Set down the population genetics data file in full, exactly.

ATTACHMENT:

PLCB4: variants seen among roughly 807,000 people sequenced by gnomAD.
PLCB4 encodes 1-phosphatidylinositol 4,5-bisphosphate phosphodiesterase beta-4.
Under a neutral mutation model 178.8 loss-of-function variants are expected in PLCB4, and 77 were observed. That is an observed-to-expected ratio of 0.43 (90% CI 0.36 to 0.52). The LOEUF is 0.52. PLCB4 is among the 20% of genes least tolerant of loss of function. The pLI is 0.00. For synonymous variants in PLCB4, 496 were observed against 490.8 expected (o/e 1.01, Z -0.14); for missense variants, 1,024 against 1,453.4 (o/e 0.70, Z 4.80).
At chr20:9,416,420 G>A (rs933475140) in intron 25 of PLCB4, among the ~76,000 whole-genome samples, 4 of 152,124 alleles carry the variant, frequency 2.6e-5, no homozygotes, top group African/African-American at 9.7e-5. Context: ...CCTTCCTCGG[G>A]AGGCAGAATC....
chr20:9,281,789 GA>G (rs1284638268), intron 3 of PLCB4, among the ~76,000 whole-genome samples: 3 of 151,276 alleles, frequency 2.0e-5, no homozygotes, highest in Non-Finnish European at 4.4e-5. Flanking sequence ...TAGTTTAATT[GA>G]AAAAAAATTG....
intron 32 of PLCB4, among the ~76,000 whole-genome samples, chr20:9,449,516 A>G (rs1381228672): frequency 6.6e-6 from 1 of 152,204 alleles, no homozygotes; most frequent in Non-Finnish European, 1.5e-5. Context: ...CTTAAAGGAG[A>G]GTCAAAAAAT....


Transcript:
PLCB4: variants seen among roughly 807,000 people sequenced by gnomAD.
PLCB4 encodes 1-phosphatidylinositol 4,5-bisphosphate phosphodiesterase beta-4.
Under a neutral mutation model 178.8 loss-of-function variants are expected in PLCB4, and 77 were observed. That is an observed-to-expected ratio of 0.43 (90% CI 0.36 to 0.52). The LOEUF is 0.52. PLCB4 is among the 20% of genes least tolerant of loss of function. The pLI is 0.00. For synonymous variants in PLCB4, 496 were observed against 490.8 expected (o/e 1.01, Z -0.14); for missense variants, 1,024 against 1,453.4 (o/e 0.70, Z 4.80).
At chr20:9,416,420 G>A (rs933475140) in intron 25 of PLCB4, among the ~76,000 whole-genome samples, 4 of 152,124 alleles carry the variant, frequency 2.6e-5, no homozygotes, top group African/African-American at 9.7e-5. Context: ...CCTTCCTCGG[G>A]AGGCAGAATC....
chr20:9,281,789 GA>G (rs1284638268), intron 3 of PLCB4, among the ~76,000 whole-genome samples: 3 of 151,276 alleles, frequency 2.0e-5, no homozygotes, highest in Non-Finnish European at 4.4e-5. Flanking sequence ...TAGTTTAATT[GA>G]AAAAAAATTG....
intron 32 of PLCB4, among the ~76,000 whole-genome samples, chr20:9,449,516 A>G (rs1381228672): frequency 6.6e-6 from 1 of 152,204 alleles, no homozygotes; most frequent in Non-Finnish European, 1.5e-5. Context: ...CTTAAAGGAG[A>G]GTCAAAAAAT....